“I said, ‘I’m just telling you that’s the law.’ He said, ‘Well, I don’t know anything about that.’ I said, ‘OK, no problem,'” Scott recalled. “I said, ‘Well, I know the mayor here, I know the Mayor Gene Reed, and he’s going to kid me and give me a major hard time about getting a speeding ticket in Newcastle.”

Contrary to the report, Scott said the officer was already back in his car when Scott drove away.

“I was parked to the side of the road and in the grass and in the dirt. It’s a big slope there,” Scott said. “So when I took off, my tires did spin. They did throw a little gravel and a little rocks, but it wasn’t Dukes of Hazzard. And whenever I got on the pavement, I didn’t leave rubber going 50 feet or anything.”

Scott is vice chairman of the Senate Select Agencies Committee, and he also serves on the Appropriations and Budget, Education, General Government and Health and Human Services committees.

Scott’s website lists a litany of traditional Republican platform positions, and he has been endorsed by U.S. Sen. James Lankford, State Sen. Rob Standridge (R-Norman), Senate Appropriations and Budget Chairman Roger Thompson (R-Okemah) and McClain County Sheriff Don Hewett. He has also been endorsed by the NRA and the Oklahoma 2nd Amendment Association.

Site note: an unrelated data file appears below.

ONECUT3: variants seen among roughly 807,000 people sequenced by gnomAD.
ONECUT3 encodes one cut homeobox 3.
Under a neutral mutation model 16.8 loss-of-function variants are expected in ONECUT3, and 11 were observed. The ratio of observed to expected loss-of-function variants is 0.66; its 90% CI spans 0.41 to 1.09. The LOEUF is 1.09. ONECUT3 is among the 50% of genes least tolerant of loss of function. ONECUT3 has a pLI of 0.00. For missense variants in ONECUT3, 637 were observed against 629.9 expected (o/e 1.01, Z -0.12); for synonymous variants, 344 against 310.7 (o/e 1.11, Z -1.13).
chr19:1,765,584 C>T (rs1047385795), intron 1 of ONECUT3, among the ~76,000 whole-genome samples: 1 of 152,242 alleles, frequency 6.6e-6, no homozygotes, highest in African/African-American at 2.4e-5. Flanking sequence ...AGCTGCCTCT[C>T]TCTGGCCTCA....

More Info: WebsiteFacebook | Twitter

Jessica Garvin (R)

Jessica Garvin

Town: Duncan
Co-founder Bison Home Management, administrator for Gregston Nursing Home and West Wind Assisted Living Center licensed nursing home administrator, licensed assisted living administrator
Platform: Garvin is an administrator for Gregston Nursing Home and West Wind Assisted Living Center in Marlow, and she announced her campaign May 29, 2019.

“My passion has been demonstrated throughout my professional career by improving Oklahoma’s health care system, mental health programs, rural health care, education, community improvement and small business growth,” Garvin said in her announcement.